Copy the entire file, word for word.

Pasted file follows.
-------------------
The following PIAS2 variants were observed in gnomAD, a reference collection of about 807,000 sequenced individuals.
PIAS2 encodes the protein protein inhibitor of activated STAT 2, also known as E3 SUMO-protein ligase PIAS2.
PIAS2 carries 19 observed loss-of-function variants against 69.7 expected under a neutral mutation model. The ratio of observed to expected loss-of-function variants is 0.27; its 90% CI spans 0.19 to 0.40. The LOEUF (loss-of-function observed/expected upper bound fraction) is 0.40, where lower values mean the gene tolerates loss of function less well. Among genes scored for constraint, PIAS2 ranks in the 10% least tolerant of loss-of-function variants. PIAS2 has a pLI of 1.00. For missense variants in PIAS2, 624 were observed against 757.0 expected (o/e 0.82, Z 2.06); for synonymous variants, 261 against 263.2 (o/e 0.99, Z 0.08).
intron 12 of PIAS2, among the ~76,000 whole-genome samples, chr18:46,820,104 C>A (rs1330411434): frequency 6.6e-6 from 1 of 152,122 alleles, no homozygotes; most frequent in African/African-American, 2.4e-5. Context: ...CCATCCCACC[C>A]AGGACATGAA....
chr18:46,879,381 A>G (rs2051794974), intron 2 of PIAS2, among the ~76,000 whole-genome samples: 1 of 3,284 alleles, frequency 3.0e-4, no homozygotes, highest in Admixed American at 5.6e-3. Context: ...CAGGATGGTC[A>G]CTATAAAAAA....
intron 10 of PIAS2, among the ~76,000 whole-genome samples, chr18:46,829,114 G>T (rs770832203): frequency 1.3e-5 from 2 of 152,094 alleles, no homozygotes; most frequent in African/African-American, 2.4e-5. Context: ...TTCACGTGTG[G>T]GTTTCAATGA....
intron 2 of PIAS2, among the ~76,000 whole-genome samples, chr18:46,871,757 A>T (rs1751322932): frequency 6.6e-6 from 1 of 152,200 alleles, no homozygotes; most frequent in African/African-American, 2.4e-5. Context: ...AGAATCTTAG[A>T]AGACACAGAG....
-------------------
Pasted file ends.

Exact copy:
The following PIAS2 variants were observed in gnomAD, a reference collection of about 807,000 sequenced individuals.
PIAS2 encodes the protein protein inhibitor of activated STAT 2, also known as E3 SUMO-protein ligase PIAS2.
PIAS2 carries 19 observed loss-of-function variants against 69.7 expected under a neutral mutation model. The ratio of observed to expected loss-of-function variants is 0.27; its 90% CI spans 0.19 to 0.40. The LOEUF (loss-of-function observed/expected upper bound fraction) is 0.40, where lower values mean the gene tolerates loss of function less well. Among genes scored for constraint, PIAS2 ranks in the 10% least tolerant of loss-of-function variants. PIAS2 has a pLI of 1.00. For missense variants in PIAS2, 624 were observed against 757.0 expected (o/e 0.82, Z 2.06); for synonymous variants, 261 against 263.2 (o/e 0.99, Z 0.08).
intron 12 of PIAS2, among the ~76,000 whole-genome samples, chr18:46,820,104 C>A (rs1330411434): frequency 6.6e-6 from 1 of 152,122 alleles, no homozygotes; most frequent in African/African-American, 2.4e-5. Context: ...CCATCCCACC[C>A]AGGACATGAA....
chr18:46,879,381 A>G (rs2051794974), intron 2 of PIAS2, among the ~76,000 whole-genome samples: 1 of 3,284 alleles, frequency 3.0e-4, no homozygotes, highest in Admixed American at 5.6e-3. Context: ...CAGGATGGTC[A>G]CTATAAAAAA....
intron 10 of PIAS2, among the ~76,000 whole-genome samples, chr18:46,829,114 G>T (rs770832203): frequency 1.3e-5 from 2 of 152,094 alleles, no homozygotes; most frequent in African/African-American, 2.4e-5. Context: ...TTCACGTGTG[G>T]GTTTCAATGA....
intron 2 of PIAS2, among the ~76,000 whole-genome samples, chr18:46,871,757 A>T (rs1751322932): frequency 6.6e-6 from 1 of 152,200 alleles, no homozygotes; most frequent in African/African-American, 2.4e-5. Context: ...AGAATCTTAG[A>T]AGACACAGAG....